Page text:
"I heard the popping of the gun, and I saw the glass flying and it all happened really fast," said Pare. "It was just noise and then I couldn't move. I didn't know I'd been shot. I just felt a kind of bolt of electricity behind me and a flash of heat."
The bullet had struck her spinal cord, leaving her a quadriplegic.
At the time of the shooting, Pare was a promising young artist. She spent three months in the hospital before transferring to a rehabilitation institute in Chicago. There, an occupational therapist suggested she try to write her name while holding the pen in her mouth. Pare was surprised that she could write this way.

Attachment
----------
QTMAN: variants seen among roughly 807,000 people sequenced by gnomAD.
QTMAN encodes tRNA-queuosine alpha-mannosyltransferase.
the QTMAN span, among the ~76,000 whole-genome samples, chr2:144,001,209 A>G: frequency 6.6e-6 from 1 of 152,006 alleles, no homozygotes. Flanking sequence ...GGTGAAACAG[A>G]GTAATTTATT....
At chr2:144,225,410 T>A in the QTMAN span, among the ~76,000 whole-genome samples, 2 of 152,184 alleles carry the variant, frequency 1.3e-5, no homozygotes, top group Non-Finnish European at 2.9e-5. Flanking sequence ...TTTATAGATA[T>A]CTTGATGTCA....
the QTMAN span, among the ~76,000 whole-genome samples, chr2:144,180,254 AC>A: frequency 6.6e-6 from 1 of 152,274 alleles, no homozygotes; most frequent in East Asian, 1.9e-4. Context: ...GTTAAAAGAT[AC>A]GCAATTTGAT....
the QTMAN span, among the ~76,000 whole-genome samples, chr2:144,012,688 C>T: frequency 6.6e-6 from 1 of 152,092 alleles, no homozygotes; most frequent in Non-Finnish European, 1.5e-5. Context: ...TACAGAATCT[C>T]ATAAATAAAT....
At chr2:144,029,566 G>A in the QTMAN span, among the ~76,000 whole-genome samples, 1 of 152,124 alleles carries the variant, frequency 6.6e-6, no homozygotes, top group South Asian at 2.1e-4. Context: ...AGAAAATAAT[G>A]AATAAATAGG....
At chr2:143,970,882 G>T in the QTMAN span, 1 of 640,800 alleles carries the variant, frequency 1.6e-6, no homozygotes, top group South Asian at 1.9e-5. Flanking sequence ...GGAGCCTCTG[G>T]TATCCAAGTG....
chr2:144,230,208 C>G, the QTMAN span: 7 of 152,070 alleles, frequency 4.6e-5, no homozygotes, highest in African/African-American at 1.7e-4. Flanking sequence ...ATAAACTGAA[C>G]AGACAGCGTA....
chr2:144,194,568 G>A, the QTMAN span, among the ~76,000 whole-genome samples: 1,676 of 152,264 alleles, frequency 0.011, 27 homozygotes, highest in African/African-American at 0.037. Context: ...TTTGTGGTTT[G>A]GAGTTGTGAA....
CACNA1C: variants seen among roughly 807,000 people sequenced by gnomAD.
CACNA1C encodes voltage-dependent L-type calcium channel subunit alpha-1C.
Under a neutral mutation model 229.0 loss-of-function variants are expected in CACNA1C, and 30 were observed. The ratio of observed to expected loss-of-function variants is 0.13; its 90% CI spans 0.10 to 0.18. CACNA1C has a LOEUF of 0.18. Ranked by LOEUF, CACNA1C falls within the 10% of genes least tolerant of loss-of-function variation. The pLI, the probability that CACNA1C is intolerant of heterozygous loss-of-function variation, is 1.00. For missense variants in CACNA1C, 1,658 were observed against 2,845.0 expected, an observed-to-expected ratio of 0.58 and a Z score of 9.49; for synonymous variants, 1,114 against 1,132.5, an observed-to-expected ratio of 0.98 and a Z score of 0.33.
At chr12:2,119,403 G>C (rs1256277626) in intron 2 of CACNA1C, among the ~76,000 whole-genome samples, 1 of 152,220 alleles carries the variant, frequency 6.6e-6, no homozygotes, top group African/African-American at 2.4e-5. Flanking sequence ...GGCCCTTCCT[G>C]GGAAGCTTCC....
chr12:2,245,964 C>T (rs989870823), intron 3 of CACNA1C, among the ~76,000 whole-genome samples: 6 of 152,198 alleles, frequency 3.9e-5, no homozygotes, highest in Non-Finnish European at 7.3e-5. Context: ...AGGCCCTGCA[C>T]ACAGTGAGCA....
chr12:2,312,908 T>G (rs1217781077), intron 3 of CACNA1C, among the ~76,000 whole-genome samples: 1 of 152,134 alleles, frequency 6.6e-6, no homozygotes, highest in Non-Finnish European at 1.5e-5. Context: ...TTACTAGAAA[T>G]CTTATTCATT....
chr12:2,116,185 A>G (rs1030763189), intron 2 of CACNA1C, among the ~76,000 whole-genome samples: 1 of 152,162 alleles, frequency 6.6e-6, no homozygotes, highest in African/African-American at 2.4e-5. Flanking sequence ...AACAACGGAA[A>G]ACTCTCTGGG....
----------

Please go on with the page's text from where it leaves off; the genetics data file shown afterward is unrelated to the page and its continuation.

"I was like, oh, wow I could apply this to painting," Pare said. "Maybe I could draw, or maybe it might be fun to paint while I'm in here and have all this time. That's when I kind of got excited and decided to explore what I could do again."
Since then, Pare has worked on her art and now pursues a career as an artist. This month, she will be a featured artist in two shows. And, any day now, she expects to take a job that will pay her a comfortable salary to paint.
Police never made an arrest in the shooting.